ECO CRISIS – nature – biodiversity fauna flora

see also >


independent.co.uk   2/9/2021  Bats, butterflies and bumblebees threatened by an ‘extinction catastrophe waiting to happen in next decade’ – ‘Importance of preserving each species cannot be overestimated,’ says Jo Hatton, Horniman Museum’s principal curator of natural sciences  by Tom Batchelor

…”Some of the UK’s best-loved wildlife, from hedgehogs to bats and butterflies to bumblebees, could face extinction within a decade if action is not taken to halt their decline, research suggests.”…


https://www.therightsofnature.org/what-is-rights-of-nature/


bbc.co.uk     6/2021 Quick fixes’ to the climate crisis risk harming nature  By Helen Briggs


cam.ac.uk      Economic benefits of protecting nature now outweigh those of exploiting it   by Fred Lewsey   

““Even if you are only interested in dollars and cents, we can see that conserving and restoring nature is now very often the best bet for human prosperity” Professor Andrew Balmford  –  The economic benefits of conserving or restoring natural sites now “outweigh” the profit potential of converting them for intensive human use. This is according to researchers behind the largest-ever study comparing the value of protecting nature at particular locations with that of exploiting it.  A team led by the University of Cambridge and RSPB as part of the Cambridge Conservation Initiative analysed dozens of sites – from Kenya to Fiji and China to the UK – across six continents. … The findings, published in the journal Nature Sustainability, come just weeks after a landmark review by Cambridge Professor Sir Partha Dasgupta called for the value of biodiversity to be placed at the heart of global economics.


‘Land is worth more when left to nature’ – study


bbc.co.uk   Climate change: ‘Forever plant’ seagrass faces uncertain future   By Matt McGrath


sciencealert.com   15/3/2021  Ancient Plants Buried a Mile Under Greenland’s Ice Are a Grim Warning From The Past – Michelle Starr  

The Greenland ice sheet has been there for a long time. As near as we can tell, it could have been extensive as early as 45 million years ago. Evidence, as well as our understanding, is patchy, but scientists have been pretty confident on one thing: It seems to have been in place for at least 1 million years.  New evidence has come to light that contradicts that, however. At the bottom of a 1.4-kilometer (0.87-mile) ice core drilled from northwestern Greenland, scientists have found remnants of ancient plant material.  This suggests that, at least once within the last million-year period, and multiple times in the few million years prior, Greenland’s ice sheet melted long enough during warm periods for significant vegetation – perhaps even a forest – to take root and thrive.  Warm periods like those we are currently experiencing due to climate change, according to an international team of scientists led by geologist Andrew Christ of the University of Vermont.  “Our study shows that Greenland is much more sensitive to natural climate warming than we used to think – and we already know that humanity’s out-of-control warming of the planet hugely exceeds the natural rate,” Christ said.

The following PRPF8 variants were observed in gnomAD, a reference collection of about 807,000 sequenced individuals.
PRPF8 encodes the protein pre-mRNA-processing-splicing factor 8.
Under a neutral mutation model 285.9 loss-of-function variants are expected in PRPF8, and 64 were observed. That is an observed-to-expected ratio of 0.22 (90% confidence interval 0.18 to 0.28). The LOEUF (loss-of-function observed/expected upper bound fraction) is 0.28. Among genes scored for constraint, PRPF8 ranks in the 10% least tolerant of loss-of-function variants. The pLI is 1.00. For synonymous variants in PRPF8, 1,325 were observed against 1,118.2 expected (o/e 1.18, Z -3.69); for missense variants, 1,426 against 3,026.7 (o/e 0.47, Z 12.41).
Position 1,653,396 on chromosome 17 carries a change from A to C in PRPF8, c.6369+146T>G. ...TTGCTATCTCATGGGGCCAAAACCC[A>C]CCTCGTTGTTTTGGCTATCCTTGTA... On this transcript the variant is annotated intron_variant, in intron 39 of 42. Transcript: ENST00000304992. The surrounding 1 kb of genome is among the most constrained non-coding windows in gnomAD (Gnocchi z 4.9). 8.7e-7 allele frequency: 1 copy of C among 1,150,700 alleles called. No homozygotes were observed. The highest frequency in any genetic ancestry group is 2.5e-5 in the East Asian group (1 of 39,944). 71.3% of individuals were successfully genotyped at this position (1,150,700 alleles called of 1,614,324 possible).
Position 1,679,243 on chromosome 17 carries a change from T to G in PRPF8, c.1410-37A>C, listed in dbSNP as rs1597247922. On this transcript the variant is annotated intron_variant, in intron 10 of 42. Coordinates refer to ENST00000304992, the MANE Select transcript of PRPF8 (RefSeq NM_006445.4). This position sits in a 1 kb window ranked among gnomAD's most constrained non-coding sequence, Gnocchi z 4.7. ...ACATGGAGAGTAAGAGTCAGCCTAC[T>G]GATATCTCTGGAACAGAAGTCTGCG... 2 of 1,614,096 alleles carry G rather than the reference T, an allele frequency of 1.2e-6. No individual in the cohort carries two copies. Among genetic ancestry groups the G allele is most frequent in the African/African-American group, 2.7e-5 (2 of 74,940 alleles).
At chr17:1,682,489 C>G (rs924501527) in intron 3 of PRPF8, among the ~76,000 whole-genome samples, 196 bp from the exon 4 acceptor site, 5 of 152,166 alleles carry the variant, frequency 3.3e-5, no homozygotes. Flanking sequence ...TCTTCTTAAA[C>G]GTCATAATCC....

sciencedirect.com/  5/2021  Reviewing 15 years of research on neoliberal conservation: Towards a decolonial, interdisciplinary, intersectional and community-engaged research agenda Elia Apostolopoulo, Anastasia Chatzimentor,  Sara Maestre-Andrés, Marina Requena-i-Mora, AlejandraPizarro, Dimitrios Bormpoudakis

In this paper, we undertake an extensive review of the neoliberal conservation literature with the aim to explore and substantiate the principal ways in which conservation is neoliberalized in practice as well as who has studied these processes and through which collaborative patterns. Using descriptive statistics and thematic content analysis, we explore selected characteristics of the peer-reviewed scholarship, including most commonly used concepts, methods and topics, geographical and co-authorship patterns, critical readings of key processes of neoliberalization, including commodification, privatization, dispossession, governance rescaling, governmentalities, and its engagement with the economic crisis, austerity politics, and social struggles. Our analysis shows the breadth of the literature in unraveling the unequal social, spatial and environmental impacts of neoliberal conservation policies as well as a significant degree of novelty in terms of topics and theories. Nonetheless, it also unravels some key gaps, including a limited engagement with quantitative methods and community-engaged social sciences and humanities approaches, a lack of focus on urban areas and urbanization, some important gaps in the theorization of the commodification of nature, a domination of Global North scholarship that contradicts the clear empirical focus of the field on the Global South, a limited engagement with social movements and grassroots activism, and a conspicuous lack of attention to the dynamics of class, gender and race. We conclude by identifying key directions for future research to address current gaps in the literature, and initiate a shift towards a decolonial, interdisciplinary, intersectional, community-engaged approach and an in-depth encounter with everyday practices of resistance.